8 Tips for a Pet-Safe Halloween

8 Tips for a Pet-Safe Halloween
October 2, 2015 by Connie Wilson

Halloween can be a lot of fun, but not so if your BFF (that's best furry friend) should bolt away in the dead of night, terrifed by the explosive sounds of fireworks (my Kaya-girl was so frightened of fireworks she would cower in the basement till it was all over) or, end up in the emergency clinic as a result of getting into halloween goodie bags and pigging out on chocolate. 

Forgo the stress and dangers this year by following these 8 easy tips from Yaletown Pet Hospital:

1. Trick-or-treat candies are not for pets. All forms of chocolate can be dangerous, even lethal, for dogs and cats. Symptoms of chocolate poisoning may include vomiting, diarrhea, rapid breathing, increased heart rate, and seizures. The artificial sweetener xylitol can be poisonous to dogs and ingestion of raisins can also be toxic.

2. Don't leave pets out in the yard on Halloween and keep your outdoor cats inside for several days before and after Halloween. Unfortunately pets can be the target for some unruly Halloween pranks, let's keep them safe inside. 

3. Keep pets confined and away from the door. It is scary for our furry friends when strangers are dressed in unusual costumes and yelling loudly for their candy. Dogs are especially territorial and may become anxious and growl at innocent trick-or-treaters. Putting your dog or cat in a secure room away from the front door will also prevent them from darting outside into the night... a night when no one wants to be searching for a lost loved one.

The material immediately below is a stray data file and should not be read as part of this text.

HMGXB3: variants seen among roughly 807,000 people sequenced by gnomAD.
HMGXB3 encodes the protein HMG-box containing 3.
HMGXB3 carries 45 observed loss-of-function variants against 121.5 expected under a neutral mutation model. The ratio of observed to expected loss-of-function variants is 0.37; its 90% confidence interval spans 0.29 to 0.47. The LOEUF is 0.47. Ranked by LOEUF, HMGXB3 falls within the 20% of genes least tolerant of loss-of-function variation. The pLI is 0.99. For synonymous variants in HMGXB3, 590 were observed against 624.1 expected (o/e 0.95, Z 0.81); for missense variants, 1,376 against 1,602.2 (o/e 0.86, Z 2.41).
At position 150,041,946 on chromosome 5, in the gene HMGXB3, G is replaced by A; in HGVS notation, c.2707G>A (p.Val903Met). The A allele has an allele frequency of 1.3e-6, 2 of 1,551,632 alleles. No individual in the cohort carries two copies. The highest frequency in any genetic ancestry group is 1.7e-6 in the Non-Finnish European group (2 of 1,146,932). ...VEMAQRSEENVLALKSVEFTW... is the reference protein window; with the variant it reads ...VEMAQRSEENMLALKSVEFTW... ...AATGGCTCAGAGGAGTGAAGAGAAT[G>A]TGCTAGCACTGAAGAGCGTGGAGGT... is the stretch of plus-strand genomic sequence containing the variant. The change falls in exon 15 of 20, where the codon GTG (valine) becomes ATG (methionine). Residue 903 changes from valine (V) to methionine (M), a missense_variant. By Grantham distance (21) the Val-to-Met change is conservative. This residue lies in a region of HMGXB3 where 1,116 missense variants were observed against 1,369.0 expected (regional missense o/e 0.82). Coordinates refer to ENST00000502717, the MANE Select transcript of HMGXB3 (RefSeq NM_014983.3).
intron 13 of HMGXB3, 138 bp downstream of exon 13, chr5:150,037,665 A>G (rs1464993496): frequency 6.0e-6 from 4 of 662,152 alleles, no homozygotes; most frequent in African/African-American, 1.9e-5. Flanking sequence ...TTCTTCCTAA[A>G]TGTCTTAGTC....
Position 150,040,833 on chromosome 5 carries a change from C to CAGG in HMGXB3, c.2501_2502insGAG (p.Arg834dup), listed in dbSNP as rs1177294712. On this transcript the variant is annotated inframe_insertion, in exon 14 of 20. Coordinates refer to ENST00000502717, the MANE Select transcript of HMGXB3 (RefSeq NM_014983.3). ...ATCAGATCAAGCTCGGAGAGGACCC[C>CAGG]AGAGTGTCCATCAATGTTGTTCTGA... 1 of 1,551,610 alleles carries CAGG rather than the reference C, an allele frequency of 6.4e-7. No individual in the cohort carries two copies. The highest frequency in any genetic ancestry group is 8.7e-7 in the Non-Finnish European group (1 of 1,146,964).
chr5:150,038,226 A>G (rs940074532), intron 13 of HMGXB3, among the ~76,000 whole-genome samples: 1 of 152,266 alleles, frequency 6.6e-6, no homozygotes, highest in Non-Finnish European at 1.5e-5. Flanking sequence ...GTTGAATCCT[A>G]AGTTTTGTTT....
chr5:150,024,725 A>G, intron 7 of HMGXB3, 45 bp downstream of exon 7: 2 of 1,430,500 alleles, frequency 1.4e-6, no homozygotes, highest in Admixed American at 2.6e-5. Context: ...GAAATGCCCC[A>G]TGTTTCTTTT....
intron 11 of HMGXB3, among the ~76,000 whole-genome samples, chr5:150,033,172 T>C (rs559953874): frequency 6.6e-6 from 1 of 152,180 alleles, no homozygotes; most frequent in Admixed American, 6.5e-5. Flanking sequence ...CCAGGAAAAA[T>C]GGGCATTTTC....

4. Keep Halloween plants such as pumpkins and corn cobs out of reach. Relatively nontoxic, such plants can induce gastrointestinal upset or intestinal blockage can occur should your pet ingest them in large quantities.

5. Don't keep lit pumpkins around pets. Should they get too close, they run the risk of burning themselves or knocking it over and causing a fire.

6. Keep wires and electric light cords out of reach. If chewed, your pet could cut himself or herself on shards of glass or plastic, or receive a possibly life-threatening electrical shock.

7. Don't dress your pet in a costume unless you know they'll love it. If your pet is partaking in the Halloween festivities, make sure their costume isn't annoying or unsafe. It should not constrict movement, hearing, or the ability to breathe or bark and meow. Festive bandanas usually work for party poopers!

8. IDs, please! If your dog or cat should escape and become lost, having the proper identification will increase the chances that they will be returned. Just make sure the information is visible and up-to-date, even if your pet has an embedded microchip.

Have a Happy Halloween!!

 

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